As parents, we hope we’re doing a good job raising our children — teaching them right from wrong, instilling the desire to learn and demonstrating how to manage money responsibly.
But what if they see us preaching one behavior while practicing another? What’s to stop them from following in our sometimes misguided footsteps?
As Father’s Day approaches, let me share a few things dads can do to teach their kids sound financial habits that will last them a lifetime:
• Use allowances to teach your kids how to handle money wisely, not as a tool to reinforce good behavior. Track their discretionary (toys, candy) and non-discretionary (school supplies, clothes) expenses. Depending on their ages and maturity, decide which expenses they should be responsible for managing, and dedicate a reasonable amount for each category in their allowances.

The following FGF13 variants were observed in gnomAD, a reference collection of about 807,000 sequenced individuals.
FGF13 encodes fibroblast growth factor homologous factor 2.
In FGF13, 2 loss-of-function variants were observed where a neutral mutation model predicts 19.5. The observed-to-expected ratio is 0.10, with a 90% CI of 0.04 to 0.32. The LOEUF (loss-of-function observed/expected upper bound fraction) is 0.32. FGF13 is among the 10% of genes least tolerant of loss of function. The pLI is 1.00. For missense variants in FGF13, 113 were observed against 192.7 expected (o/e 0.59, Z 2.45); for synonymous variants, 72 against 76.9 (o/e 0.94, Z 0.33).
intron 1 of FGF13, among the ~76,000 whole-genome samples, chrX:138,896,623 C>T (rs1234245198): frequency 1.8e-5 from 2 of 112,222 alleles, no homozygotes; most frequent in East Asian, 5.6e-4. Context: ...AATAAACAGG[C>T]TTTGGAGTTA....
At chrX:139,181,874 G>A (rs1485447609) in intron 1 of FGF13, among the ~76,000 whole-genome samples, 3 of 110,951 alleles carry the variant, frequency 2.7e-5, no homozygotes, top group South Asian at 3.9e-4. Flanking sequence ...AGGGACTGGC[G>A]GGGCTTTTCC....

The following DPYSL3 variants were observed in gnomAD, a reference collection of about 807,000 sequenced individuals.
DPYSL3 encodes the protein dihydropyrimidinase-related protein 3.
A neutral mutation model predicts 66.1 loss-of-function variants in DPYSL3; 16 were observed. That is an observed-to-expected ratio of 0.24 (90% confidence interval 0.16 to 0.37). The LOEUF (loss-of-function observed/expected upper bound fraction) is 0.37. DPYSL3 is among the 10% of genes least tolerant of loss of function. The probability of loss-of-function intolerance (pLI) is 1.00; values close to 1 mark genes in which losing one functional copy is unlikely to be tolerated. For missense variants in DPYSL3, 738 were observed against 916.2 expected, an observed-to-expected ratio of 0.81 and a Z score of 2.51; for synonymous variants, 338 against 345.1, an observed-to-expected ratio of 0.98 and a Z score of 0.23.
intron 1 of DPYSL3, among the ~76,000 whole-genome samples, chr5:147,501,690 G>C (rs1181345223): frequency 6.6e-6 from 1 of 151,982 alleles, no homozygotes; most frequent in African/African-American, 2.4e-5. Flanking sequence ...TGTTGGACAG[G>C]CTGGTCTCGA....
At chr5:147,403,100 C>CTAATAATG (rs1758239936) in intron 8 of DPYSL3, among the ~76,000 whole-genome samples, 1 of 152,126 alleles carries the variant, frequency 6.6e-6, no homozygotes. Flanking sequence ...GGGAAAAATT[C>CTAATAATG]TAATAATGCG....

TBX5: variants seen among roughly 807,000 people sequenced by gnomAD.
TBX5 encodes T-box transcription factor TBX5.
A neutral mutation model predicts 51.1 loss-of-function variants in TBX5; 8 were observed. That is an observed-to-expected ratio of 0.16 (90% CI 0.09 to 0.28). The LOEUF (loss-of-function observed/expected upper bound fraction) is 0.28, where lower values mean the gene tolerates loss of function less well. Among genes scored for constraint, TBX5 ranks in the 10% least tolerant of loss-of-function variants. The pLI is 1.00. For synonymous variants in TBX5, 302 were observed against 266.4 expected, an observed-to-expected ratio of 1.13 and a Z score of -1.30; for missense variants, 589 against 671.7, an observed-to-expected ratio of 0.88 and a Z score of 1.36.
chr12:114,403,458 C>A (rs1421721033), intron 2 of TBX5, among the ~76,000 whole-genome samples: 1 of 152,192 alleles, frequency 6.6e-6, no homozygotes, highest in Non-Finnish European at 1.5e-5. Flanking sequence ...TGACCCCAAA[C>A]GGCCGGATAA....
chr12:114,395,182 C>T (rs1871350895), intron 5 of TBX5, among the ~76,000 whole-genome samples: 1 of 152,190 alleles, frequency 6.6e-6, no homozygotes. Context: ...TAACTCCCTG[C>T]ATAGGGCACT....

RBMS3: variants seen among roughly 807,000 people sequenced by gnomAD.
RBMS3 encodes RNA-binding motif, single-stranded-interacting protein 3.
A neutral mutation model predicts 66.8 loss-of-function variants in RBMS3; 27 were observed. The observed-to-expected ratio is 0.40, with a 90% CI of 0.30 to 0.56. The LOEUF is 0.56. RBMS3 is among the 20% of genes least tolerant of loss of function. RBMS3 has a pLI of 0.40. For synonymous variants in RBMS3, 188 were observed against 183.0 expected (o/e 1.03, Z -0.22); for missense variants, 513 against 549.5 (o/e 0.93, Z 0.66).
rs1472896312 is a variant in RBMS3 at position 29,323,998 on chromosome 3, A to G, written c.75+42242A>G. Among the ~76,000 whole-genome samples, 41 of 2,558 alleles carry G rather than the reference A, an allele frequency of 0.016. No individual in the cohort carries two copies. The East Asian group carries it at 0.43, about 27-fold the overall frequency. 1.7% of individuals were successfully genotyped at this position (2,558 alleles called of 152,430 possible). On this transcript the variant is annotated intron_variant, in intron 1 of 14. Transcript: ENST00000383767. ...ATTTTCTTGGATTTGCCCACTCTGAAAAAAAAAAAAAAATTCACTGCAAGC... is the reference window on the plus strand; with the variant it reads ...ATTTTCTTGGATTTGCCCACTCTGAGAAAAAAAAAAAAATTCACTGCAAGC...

• Use allowances to teach important life lessons. For example, build in dedicated percentages they must set aside for savings, charity and investments — then involve them in choosing how the money is spent.
• When you use an ATM, explain that it’s not free money but rather has been earned and saved by you.
• To encourage saving during these times of low interest rates, offer to match their savings at 50 percent.
• Teach by example. If money is tight and you have to deny your kids non-necessary items, give up something of your own that they know you’ll miss.
• Open a 529 Qualified State Tuition Plan or a Coverdell Education Savings Account to start saving for your children’s education — and let them know about it well before you start discussing college choices.
Father’s Day is when children traditionally express love for their dads. Show how much you care in return by starting them out with a healthy, realistic attitude toward personal finances.
Alderman directs Visa’s financial education programs.